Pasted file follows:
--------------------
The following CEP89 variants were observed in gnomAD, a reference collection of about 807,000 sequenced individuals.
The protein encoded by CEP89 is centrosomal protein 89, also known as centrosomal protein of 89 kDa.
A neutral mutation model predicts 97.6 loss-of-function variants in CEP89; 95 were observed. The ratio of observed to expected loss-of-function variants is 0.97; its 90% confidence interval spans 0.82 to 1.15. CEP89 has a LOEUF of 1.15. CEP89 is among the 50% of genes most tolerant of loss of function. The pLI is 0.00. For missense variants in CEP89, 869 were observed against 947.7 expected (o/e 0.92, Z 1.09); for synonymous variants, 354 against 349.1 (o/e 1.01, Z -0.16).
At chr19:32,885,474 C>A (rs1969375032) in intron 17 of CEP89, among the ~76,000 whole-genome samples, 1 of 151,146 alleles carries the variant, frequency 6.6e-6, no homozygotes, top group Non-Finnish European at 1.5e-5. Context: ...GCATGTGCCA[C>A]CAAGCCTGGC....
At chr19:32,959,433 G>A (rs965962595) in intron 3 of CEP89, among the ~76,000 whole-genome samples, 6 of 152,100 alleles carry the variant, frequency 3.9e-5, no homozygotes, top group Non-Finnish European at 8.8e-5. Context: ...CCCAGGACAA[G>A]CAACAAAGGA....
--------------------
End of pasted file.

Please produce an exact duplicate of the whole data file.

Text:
The following CEP89 variants were observed in gnomAD, a reference collection of about 807,000 sequenced individuals.
The protein encoded by CEP89 is centrosomal protein 89, also known as centrosomal protein of 89 kDa.
A neutral mutation model predicts 97.6 loss-of-function variants in CEP89; 95 were observed. The ratio of observed to expected loss-of-function variants is 0.97; its 90% confidence interval spans 0.82 to 1.15. CEP89 has a LOEUF of 1.15. CEP89 is among the 50% of genes most tolerant of loss of function. The pLI is 0.00. For missense variants in CEP89, 869 were observed against 947.7 expected (o/e 0.92, Z 1.09); for synonymous variants, 354 against 349.1 (o/e 1.01, Z -0.16).
At chr19:32,885,474 C>A (rs1969375032) in intron 17 of CEP89, among the ~76,000 whole-genome samples, 1 of 151,146 alleles carries the variant, frequency 6.6e-6, no homozygotes, top group Non-Finnish European at 1.5e-5. Context: ...GCATGTGCCA[C>A]CAAGCCTGGC....
At chr19:32,959,433 G>A (rs965962595) in intron 3 of CEP89, among the ~76,000 whole-genome samples, 6 of 152,100 alleles carry the variant, frequency 3.9e-5, no homozygotes, top group Non-Finnish European at 8.8e-5. Context: ...CCCAGGACAA[G>A]CAACAAAGGA....